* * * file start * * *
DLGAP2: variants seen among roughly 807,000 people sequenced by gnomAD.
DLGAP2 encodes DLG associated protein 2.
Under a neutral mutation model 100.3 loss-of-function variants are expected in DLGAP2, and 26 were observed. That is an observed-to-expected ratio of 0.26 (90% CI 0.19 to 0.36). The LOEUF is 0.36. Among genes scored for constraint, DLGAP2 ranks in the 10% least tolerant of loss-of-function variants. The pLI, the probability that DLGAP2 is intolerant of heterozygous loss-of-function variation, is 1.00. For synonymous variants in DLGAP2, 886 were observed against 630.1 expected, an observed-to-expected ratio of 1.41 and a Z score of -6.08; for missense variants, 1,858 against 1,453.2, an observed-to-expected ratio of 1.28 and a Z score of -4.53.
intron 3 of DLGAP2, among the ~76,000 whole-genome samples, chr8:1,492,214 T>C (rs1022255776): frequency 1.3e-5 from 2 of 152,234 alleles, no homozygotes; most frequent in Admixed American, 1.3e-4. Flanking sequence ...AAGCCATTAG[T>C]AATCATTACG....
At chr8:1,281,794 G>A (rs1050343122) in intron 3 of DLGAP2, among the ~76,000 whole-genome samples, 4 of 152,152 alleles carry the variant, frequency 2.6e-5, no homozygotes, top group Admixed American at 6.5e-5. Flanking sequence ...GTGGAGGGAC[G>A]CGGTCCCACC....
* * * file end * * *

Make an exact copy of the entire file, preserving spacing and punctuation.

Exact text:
DLGAP2: variants seen among roughly 807,000 people sequenced by gnomAD.
DLGAP2 encodes DLG associated protein 2.
Under a neutral mutation model 100.3 loss-of-function variants are expected in DLGAP2, and 26 were observed. That is an observed-to-expected ratio of 0.26 (90% CI 0.19 to 0.36). The LOEUF is 0.36. Among genes scored for constraint, DLGAP2 ranks in the 10% least tolerant of loss-of-function variants. The pLI, the probability that DLGAP2 is intolerant of heterozygous loss-of-function variation, is 1.00. For synonymous variants in DLGAP2, 886 were observed against 630.1 expected, an observed-to-expected ratio of 1.41 and a Z score of -6.08; for missense variants, 1,858 against 1,453.2, an observed-to-expected ratio of 1.28 and a Z score of -4.53.
intron 3 of DLGAP2, among the ~76,000 whole-genome samples, chr8:1,492,214 T>C (rs1022255776): frequency 1.3e-5 from 2 of 152,234 alleles, no homozygotes; most frequent in Admixed American, 1.3e-4. Flanking sequence ...AAGCCATTAG[T>C]AATCATTACG....
At chr8:1,281,794 G>A (rs1050343122) in intron 3 of DLGAP2, among the ~76,000 whole-genome samples, 4 of 152,152 alleles carry the variant, frequency 2.6e-5, no homozygotes, top group Admixed American at 6.5e-5. Flanking sequence ...GTGGAGGGAC[G>A]CGGTCCCACC....